Buffs Handle ALS ‘Ice Bucket Challenge;’ Obama Next?

BOULDER – University of Colorado football coach Mike MacIntyre, his six captains and CU’s 18-man 2014 senior class accepted the ALS “Ice Bucket Challenge” after practice on Friday morning. The team then went ahead and challenged President Barack Obama to do the same.

The challenge stems from social media and the pursuit to raise money and awareness regarding ALS (Amyotrophic Lateral Sclerosis) research.

“Our guys know about it,” MacIntyre said. “It is a terrible, terrible disease and we need to try and find a cure for it.”

With MacIntyre leading the way, each individual took a 10-gallon bucket filled with cold water which they subsequently lifted above their heads and poured over their bodies. The head-to-toe dousing was followed by loud screams and players running in all directions.

The challenge has gone viral in all communities, and the football world is no exception. College and NFL teams across the nation are doing their parts to raise awareness about ALS. MacIntyre noted that it “really hits home” with his players due to the fact that there are multiple former NFL players suffering from the disease.

MacIntyre was originally challenged by Duke assistant director of athletics/external affairs Art Chase, and the team was also challenged by McGuckin Hardware. Once the challenge is completed it must be passed on to someone else. MacIntyre then allowed his team to decide who was next.

There was some deliberation between local celebrities such as John Elway, but with the conclusion that Elway had already completed the challenge, the team decided to target the biggest name they could imagine. Thus, President Obama is now on the clock.

If someone does not accept the challenge, they are then expected to donate toward ALS research. Currently, there has been over $4 million raised in support of the “Ice Bucket Challenge,” with the ultimate goal to find a cure for ALS.

ALS (Amyotrophic Lateral Sclerosis) is a progressive neurodegenerative disease that affects cells in the brain and the spinal cord. Over time, the disease eventually kills the motor neurons in those areas and at that point the ability of the brain to initiate and control muscle movement is lost. With the loss of voluntary muscle movement, patients in the latter stages of the disease may become completely paralyzed. The life expectancy of ALS patients averages about two to five years, but more than half of all patients live at least three years after diagnosis.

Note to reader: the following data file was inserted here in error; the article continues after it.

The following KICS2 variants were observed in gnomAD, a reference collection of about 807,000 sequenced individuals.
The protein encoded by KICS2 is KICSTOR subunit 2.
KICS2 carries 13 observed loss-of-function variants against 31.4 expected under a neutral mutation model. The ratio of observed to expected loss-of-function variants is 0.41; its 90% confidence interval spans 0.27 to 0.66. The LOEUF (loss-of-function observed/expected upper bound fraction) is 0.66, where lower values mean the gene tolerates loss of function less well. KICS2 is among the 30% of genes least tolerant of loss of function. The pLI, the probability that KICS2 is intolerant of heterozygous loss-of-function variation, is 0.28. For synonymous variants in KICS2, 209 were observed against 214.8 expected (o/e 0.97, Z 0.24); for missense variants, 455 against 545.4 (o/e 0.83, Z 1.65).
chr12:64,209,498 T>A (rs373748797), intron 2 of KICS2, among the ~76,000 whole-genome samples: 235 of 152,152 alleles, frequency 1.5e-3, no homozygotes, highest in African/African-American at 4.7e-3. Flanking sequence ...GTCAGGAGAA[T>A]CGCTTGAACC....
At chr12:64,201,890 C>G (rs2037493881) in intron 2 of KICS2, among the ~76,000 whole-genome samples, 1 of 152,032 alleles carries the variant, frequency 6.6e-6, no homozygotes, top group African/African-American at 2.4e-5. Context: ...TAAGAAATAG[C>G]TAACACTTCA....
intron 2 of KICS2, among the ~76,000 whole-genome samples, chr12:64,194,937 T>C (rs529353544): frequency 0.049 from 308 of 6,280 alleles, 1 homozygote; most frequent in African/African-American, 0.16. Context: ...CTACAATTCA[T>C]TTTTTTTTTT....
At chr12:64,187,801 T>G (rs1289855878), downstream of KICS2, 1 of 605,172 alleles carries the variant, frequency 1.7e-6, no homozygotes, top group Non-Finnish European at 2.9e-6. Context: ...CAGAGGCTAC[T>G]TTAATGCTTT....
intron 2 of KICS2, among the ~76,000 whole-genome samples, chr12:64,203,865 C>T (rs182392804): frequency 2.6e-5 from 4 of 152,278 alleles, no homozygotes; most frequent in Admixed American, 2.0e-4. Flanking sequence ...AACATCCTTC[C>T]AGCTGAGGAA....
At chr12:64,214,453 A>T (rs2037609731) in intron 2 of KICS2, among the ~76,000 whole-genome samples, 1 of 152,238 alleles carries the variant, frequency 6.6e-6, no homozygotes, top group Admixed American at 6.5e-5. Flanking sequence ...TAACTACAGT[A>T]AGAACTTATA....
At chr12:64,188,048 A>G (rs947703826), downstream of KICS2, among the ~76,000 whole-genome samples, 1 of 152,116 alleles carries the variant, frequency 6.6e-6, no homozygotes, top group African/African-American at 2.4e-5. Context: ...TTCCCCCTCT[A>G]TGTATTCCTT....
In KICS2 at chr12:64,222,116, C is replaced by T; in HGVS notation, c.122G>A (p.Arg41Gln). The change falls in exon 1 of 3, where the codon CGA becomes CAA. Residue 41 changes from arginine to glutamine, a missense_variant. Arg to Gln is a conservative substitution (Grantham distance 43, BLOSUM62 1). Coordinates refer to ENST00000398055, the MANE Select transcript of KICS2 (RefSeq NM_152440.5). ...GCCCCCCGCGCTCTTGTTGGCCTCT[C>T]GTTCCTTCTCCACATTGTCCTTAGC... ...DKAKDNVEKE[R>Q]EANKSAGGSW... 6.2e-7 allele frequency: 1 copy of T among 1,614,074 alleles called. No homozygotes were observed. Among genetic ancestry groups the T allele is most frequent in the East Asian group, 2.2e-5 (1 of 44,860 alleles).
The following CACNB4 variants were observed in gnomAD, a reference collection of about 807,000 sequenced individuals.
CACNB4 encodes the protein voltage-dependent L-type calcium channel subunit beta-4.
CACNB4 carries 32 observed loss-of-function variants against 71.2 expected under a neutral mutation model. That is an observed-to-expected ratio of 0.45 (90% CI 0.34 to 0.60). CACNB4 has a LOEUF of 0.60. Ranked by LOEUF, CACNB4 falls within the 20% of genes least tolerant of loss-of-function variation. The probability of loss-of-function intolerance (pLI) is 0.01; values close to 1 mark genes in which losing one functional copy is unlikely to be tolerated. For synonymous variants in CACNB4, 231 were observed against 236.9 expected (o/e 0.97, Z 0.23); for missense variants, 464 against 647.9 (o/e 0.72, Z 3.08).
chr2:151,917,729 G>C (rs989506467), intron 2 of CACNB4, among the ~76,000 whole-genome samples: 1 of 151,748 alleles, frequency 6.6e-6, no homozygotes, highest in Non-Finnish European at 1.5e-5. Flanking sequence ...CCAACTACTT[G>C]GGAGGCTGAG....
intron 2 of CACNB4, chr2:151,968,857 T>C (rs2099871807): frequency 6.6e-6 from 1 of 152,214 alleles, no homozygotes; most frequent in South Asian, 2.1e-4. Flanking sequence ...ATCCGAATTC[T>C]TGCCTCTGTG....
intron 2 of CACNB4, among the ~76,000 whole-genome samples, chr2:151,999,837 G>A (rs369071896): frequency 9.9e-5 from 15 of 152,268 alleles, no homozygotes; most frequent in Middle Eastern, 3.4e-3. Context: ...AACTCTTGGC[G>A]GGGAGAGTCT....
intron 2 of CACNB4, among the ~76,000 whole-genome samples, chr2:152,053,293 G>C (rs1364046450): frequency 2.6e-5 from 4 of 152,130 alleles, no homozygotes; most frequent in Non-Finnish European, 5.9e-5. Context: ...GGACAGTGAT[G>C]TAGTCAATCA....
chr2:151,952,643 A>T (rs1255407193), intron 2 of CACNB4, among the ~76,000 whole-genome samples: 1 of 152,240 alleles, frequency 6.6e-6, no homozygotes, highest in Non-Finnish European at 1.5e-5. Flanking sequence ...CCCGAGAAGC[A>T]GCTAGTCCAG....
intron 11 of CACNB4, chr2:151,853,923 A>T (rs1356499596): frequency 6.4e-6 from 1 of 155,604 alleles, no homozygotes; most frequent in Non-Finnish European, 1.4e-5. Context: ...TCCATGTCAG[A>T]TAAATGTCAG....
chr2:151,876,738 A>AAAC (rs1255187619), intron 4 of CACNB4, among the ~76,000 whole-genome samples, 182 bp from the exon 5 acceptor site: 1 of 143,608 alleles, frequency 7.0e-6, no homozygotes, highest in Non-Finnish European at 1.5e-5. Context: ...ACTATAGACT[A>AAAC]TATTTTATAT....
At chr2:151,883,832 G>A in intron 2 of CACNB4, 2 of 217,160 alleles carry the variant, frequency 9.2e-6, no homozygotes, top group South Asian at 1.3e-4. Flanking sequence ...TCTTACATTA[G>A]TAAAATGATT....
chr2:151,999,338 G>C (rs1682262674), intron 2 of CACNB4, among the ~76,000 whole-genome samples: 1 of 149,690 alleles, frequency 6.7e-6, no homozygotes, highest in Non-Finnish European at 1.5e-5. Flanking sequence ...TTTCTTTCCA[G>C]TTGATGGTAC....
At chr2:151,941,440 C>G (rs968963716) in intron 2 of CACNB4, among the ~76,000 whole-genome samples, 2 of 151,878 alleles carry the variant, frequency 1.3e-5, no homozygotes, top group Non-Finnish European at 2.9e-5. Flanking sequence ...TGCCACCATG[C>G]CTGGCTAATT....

Few were aware of the disease prior to the late 1930s when legendary New York Yankees first baseman Lou Gehrig was tragically stricken with the illness in 1939 and then died two years later. Henceforth, it has also commonly been referred to as “Lou Gehrig’s disease.”

Approximately 5,600 people in the U.S. are diagnosed with the disease annually. It is estimated that ALS is responsible for nearly two out of every 100,000 deaths annually.

For more information on ALS and how to help the battle against this disease and donate to the cause visit the ALS Association's website at www.alsa.org.

MacIntyre described Friday’s morning session as very spirited and even declared it the “best two-a-day morning practice we’ve had.” Some morning practices have players thinking about the next practice and therefore maybe trying to conserve energy. But MacIntyre saw no such thing with his players Friday . . . . With “Identity Week” coming to a close, MacIntyre said the team must determine its identity. One of the biggest things he is looking for is physical toughness. He called camp the “defining moment” when it comes to developing mental and physical toughness, because once the season and classes begin practices will drastically change in terms of physical exertion . . . . Travis Talianko has switched positions from defensive back to linebacker after gaining nearly 20 pounds since being recruited . . . . De’Jon Wilson has been practicing at both defensive tackle as well as defensive end. MacIntyre said that is part of a philosophy that interior players need to be well aware of each position in case injuries arise and one player is needed to fill another role . . . . The team will conduct a practice Friday night at 7 under the lights of Folsom Field to simulate game time conditions when the Buffs take on Colorado State in Denver on Aug. 29 at the same time. 

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